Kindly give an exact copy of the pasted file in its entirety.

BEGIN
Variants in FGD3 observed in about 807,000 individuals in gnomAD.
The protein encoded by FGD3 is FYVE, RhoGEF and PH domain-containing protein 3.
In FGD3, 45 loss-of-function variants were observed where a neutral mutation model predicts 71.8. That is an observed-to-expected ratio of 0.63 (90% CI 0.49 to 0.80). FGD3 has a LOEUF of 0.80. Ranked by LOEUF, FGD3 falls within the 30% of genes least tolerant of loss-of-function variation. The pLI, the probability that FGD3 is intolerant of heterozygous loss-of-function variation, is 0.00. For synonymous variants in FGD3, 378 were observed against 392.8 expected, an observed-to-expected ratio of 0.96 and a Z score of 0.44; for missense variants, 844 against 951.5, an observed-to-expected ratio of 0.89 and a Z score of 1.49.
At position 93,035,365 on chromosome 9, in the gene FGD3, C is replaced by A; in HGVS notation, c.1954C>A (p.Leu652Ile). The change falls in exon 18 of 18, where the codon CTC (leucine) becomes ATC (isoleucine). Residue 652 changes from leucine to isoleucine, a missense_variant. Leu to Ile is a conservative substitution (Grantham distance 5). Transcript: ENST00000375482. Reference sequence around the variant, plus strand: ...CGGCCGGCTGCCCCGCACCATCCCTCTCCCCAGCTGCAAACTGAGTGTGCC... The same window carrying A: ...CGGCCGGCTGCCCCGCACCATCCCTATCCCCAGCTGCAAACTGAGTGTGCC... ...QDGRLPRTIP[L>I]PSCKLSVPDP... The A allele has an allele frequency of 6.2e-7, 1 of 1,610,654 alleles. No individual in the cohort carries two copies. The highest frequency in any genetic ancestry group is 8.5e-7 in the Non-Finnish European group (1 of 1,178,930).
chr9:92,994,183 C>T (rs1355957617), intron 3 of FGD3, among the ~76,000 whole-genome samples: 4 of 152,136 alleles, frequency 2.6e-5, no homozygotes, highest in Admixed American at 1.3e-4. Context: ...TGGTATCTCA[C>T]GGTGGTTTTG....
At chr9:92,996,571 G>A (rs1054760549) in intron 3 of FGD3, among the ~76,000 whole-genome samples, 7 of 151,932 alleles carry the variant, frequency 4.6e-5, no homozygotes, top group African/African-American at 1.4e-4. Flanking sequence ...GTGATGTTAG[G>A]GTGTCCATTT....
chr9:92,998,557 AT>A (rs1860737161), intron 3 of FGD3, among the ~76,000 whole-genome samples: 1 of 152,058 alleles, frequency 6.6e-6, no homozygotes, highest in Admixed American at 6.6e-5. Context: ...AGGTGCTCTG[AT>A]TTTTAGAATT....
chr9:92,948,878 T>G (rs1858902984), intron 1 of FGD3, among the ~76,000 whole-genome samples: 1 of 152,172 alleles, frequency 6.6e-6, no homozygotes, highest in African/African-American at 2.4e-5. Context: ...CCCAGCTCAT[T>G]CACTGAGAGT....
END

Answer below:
Variants in FGD3 observed in about 807,000 individuals in gnomAD.
The protein encoded by FGD3 is FYVE, RhoGEF and PH domain-containing protein 3.
In FGD3, 45 loss-of-function variants were observed where a neutral mutation model predicts 71.8. That is an observed-to-expected ratio of 0.63 (90% CI 0.49 to 0.80). FGD3 has a LOEUF of 0.80. Ranked by LOEUF, FGD3 falls within the 30% of genes least tolerant of loss-of-function variation. The pLI, the probability that FGD3 is intolerant of heterozygous loss-of-function variation, is 0.00. For synonymous variants in FGD3, 378 were observed against 392.8 expected, an observed-to-expected ratio of 0.96 and a Z score of 0.44; for missense variants, 844 against 951.5, an observed-to-expected ratio of 0.89 and a Z score of 1.49.
At position 93,035,365 on chromosome 9, in the gene FGD3, C is replaced by A; in HGVS notation, c.1954C>A (p.Leu652Ile). The change falls in exon 18 of 18, where the codon CTC (leucine) becomes ATC (isoleucine). Residue 652 changes from leucine to isoleucine, a missense_variant. Leu to Ile is a conservative substitution (Grantham distance 5). Transcript: ENST00000375482. Reference sequence around the variant, plus strand: ...CGGCCGGCTGCCCCGCACCATCCCTCTCCCCAGCTGCAAACTGAGTGTGCC... The same window carrying A: ...CGGCCGGCTGCCCCGCACCATCCCTATCCCCAGCTGCAAACTGAGTGTGCC... ...QDGRLPRTIP[L>I]PSCKLSVPDP... The A allele has an allele frequency of 6.2e-7, 1 of 1,610,654 alleles. No individual in the cohort carries two copies. The highest frequency in any genetic ancestry group is 8.5e-7 in the Non-Finnish European group (1 of 1,178,930).
chr9:92,994,183 C>T (rs1355957617), intron 3 of FGD3, among the ~76,000 whole-genome samples: 4 of 152,136 alleles, frequency 2.6e-5, no homozygotes, highest in Admixed American at 1.3e-4. Context: ...TGGTATCTCA[C>T]GGTGGTTTTG....
At chr9:92,996,571 G>A (rs1054760549) in intron 3 of FGD3, among the ~76,000 whole-genome samples, 7 of 151,932 alleles carry the variant, frequency 4.6e-5, no homozygotes, top group African/African-American at 1.4e-4. Flanking sequence ...GTGATGTTAG[G>A]GTGTCCATTT....
chr9:92,998,557 AT>A (rs1860737161), intron 3 of FGD3, among the ~76,000 whole-genome samples: 1 of 152,058 alleles, frequency 6.6e-6, no homozygotes, highest in Admixed American at 6.6e-5. Context: ...AGGTGCTCTG[AT>A]TTTTAGAATT....
chr9:92,948,878 T>G (rs1858902984), intron 1 of FGD3, among the ~76,000 whole-genome samples: 1 of 152,172 alleles, frequency 6.6e-6, no homozygotes, highest in African/African-American at 2.4e-5. Context: ...CCCAGCTCAT[T>G]CACTGAGAGT....